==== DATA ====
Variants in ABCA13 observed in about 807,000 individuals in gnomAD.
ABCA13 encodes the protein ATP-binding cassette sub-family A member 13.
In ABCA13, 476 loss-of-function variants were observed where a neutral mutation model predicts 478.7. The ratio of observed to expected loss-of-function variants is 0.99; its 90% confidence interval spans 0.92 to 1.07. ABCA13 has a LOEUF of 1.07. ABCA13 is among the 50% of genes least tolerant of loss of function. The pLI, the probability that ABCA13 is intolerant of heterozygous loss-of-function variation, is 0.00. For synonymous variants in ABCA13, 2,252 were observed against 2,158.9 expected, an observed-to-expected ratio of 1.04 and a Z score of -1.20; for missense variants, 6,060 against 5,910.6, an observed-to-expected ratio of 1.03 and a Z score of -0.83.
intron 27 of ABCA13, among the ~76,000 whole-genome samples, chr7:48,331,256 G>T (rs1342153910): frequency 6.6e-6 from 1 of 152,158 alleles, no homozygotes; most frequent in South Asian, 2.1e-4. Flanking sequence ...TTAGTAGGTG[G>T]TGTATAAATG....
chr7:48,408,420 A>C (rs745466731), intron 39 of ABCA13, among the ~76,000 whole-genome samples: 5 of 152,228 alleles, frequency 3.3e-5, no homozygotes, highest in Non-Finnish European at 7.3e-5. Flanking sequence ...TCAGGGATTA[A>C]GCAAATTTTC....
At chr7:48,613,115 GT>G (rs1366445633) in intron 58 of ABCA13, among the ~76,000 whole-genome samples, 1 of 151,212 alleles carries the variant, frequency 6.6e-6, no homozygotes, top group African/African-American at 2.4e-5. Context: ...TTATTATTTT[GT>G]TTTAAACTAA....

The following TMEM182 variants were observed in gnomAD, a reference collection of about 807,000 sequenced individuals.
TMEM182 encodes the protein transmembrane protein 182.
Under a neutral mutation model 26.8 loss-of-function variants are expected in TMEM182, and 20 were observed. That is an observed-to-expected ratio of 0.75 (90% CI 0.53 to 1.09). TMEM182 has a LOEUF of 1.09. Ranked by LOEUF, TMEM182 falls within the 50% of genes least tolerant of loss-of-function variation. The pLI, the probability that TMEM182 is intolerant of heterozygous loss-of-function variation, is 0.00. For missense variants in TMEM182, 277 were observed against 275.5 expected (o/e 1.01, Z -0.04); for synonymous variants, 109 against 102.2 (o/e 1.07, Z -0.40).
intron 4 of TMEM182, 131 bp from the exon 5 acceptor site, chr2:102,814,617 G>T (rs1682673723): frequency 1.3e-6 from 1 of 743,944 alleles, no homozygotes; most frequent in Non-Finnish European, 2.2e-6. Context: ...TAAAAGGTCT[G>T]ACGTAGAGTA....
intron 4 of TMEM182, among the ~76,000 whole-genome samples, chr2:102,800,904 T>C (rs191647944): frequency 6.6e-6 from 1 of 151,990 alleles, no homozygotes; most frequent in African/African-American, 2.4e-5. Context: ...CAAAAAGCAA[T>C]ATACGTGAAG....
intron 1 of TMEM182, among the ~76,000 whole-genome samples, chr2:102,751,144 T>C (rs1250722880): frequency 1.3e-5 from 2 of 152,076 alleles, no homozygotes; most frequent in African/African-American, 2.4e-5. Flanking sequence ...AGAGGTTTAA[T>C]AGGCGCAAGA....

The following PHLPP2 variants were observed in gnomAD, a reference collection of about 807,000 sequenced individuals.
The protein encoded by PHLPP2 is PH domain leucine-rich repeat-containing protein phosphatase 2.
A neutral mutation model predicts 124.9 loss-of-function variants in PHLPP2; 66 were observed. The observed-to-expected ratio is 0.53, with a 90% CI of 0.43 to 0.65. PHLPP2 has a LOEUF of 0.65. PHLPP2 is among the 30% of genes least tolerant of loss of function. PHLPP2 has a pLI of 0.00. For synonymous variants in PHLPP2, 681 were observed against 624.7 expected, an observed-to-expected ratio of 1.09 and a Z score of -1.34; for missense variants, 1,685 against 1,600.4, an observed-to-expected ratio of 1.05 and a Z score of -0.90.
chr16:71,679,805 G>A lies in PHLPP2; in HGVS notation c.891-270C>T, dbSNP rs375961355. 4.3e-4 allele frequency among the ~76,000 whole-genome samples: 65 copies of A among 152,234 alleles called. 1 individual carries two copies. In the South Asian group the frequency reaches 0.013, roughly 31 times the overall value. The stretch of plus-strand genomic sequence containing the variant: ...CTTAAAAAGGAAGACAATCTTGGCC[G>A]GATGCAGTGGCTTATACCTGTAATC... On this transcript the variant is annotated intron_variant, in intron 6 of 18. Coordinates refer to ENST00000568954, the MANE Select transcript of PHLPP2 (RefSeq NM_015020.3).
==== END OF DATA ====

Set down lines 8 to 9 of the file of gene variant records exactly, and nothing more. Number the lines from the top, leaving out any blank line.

TMEM182 encodes the protein transmembrane protein 182.
Under a neutral mutation model 26.8 loss-of-function variants are expected in TMEM182, and 20 were observed. That is an observed-to-expected ratio of 0.75 (90% CI 0.53 to 1.09). TMEM182 has a LOEUF of 1.09. Ranked by LOEUF, TMEM182 falls within the 50% of genes least tolerant of loss-of-function variation. The pLI, the probability that TMEM182 is intolerant of heterozygous loss-of-function variation, is 0.00. For missense variants in TMEM182, 277 were observed against 275.5 expected (o/e 1.01, Z -0.04); for synonymous variants, 109 against 102.2 (o/e 1.07, Z -0.40).